Having a frozen shoulder is one of the most annoying complaints our patients tell us here at the Joint Pain Clinic. Due to the recurrent and ongoing pain and stiffness in the shoulder blades we regard this a very serious issue. If it is left untreated it can cause many secondary problems. This condition is clinically known as adhesive capsulitis, it was initially called scapulohumeral periarthritis, and it is commonly associated with a process called arthrofibrosis.
A frozen shoulder is likely to happen in patients with prolonged shoulder immobility, as in patients who need to wear a cast or those who are recovering after surgery. This often promotes the formation of adhesion and scar tissue leading to the characteristic pain and stiffness in the articulation. In this article, we are going to cover the diagnosis and possible causes of a frozen shoulder, what can we do about it at home.
The Dreaded Frozen shoulder: Causes and Diagnosis
There are two types of adhesive capsulitis (aka. Frozen shoulder) according to the causes. There’s primary adhesive capsulitis, which is often referred to as idiopathic adhesive capsulitis, and secondary adhesive capsulitis. The former develops spontaneously without any trauma or immobilization of the articulation while the latter results from trauma and it is a severe complication of shoulder arthroplasty and other types of arthroscopic procedures in the articulation of the shoulder.
In every case, the first thing that usually appears is inflammation of the synovial membrane that surrounds the articulation of the bone joint. In time, ongoing inflammation promotes the formation of adhesion in the joint and capsular contractures. In the final stage of the disease, the inflammation in the synovial membrane might be absent, but it is replaced with adhesions and extensive fibrosis of the articulatory tissue.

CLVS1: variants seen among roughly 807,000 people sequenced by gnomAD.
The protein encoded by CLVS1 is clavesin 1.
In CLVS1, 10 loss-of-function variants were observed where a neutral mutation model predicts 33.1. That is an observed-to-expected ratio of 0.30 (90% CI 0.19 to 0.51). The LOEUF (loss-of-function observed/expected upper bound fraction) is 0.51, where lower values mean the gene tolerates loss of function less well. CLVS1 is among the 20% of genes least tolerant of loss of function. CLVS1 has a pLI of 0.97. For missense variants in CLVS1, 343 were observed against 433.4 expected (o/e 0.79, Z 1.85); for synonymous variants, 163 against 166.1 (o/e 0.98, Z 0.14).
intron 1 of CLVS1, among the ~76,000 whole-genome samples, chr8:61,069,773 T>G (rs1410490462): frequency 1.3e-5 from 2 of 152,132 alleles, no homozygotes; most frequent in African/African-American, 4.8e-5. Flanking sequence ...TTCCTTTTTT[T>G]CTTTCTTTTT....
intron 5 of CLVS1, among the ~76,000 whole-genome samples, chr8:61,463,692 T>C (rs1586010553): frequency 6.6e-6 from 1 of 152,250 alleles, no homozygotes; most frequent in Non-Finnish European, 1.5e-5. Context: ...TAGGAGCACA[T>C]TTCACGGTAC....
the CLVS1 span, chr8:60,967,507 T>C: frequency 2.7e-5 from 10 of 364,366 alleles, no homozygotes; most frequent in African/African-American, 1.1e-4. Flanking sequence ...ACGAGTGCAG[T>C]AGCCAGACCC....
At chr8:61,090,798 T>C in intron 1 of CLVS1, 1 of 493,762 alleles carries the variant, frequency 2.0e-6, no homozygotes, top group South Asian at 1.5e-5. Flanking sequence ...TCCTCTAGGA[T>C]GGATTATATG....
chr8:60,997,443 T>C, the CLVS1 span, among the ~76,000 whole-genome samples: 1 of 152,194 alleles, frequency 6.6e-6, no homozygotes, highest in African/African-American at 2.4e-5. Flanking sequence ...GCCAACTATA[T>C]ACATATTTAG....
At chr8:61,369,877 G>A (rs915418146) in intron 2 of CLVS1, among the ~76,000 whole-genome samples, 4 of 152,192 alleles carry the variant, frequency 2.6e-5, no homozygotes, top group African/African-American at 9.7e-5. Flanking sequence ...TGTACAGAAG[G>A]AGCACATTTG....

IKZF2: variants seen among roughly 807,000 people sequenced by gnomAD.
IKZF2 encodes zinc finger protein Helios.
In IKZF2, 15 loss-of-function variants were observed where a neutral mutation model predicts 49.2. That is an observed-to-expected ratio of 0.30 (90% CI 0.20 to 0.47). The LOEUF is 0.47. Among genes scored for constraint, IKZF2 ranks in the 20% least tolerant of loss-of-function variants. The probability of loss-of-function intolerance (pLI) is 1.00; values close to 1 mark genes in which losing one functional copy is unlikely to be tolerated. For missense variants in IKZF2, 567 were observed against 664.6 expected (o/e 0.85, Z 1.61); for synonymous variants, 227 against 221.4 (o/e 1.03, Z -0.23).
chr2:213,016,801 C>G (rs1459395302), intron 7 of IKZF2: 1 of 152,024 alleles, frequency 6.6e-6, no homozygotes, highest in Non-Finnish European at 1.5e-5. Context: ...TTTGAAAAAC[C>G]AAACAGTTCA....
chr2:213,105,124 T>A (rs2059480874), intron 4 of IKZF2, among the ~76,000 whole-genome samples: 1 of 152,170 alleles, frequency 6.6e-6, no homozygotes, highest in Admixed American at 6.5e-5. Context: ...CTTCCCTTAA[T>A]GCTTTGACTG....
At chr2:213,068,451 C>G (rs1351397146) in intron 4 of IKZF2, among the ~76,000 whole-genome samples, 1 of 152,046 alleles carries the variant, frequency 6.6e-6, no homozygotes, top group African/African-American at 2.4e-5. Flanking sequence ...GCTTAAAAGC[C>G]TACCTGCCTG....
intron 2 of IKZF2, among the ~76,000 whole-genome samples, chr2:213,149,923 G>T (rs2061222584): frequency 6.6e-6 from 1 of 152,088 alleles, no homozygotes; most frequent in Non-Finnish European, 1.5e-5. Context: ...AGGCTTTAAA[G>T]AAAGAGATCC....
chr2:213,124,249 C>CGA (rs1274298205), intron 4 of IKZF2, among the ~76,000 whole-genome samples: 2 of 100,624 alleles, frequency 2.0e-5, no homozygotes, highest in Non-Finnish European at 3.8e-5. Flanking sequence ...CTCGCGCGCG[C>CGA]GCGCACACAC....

However, feeling stiffness and pain in the shoulder blades alone and feeling “a frozen shoulder” does not mean you are suffering from adhesive capsulitis. This problem affects less than 5% of the population in the UK, but it has a higher risk in certain patients, especially those undergoing shoulder surgery, prolonged immobilization in the articulation, and those who have diabetes.
Adhesive capsulitis usually starts with shoulder pain, especially at night, and mobilization problems usually come afterward. Patients may detect a gradual loss in the range of motion as the shoulder tissue starts undergoing fibrosis. External rotation (which is rotating your shoulders away from your torso) is often the first movement to be affected by this condition, and when you reach the limits of your movements, pain usually becomes worse and would not let you go further.
Before diagnosing adhesive shoulder capsulitis, your doctor might need to rule out other possibilities, such as rotator cuff pathologies, an incorrect fracture repair, septic arthritis, and a few others. Thus, if you have the symptoms described above, it is essential to ask your doctor before reaching any definite conclusion.
What can I do to find relief from the Pain?
Adhesive capsulitis is often self-limiting, and the symptoms tend to resolve themselves after 3 years, but having this pain and stiffness for such a prolonged period of time might become a severe limitation to your day-to-day activities such as working in a job, and many patients have reported long-lasting symptoms. That’s why there are surgical and non-surgical options to choose from depending on your symptoms and prognosis. But regardless of medical procedures, if you have been diagnosed with a frozen shoulder, there are several stretching exercises and a few home remedies you can follow to improve your symptoms.
You can follow these instructions and the following succession of exercises designed by the Harvard Medical School to improve your symptoms:
- Over-the-counter medications: The most common approach to improve the pain associated with a frozen shoulder is through over-the-counter painkillers. Ibuprofen is one of the commonly prescribed drugs, but in more advanced cases your doctor might consider other options such as corticosteroids and surgery. It widely depends on your symptoms and the progression of your individual condition.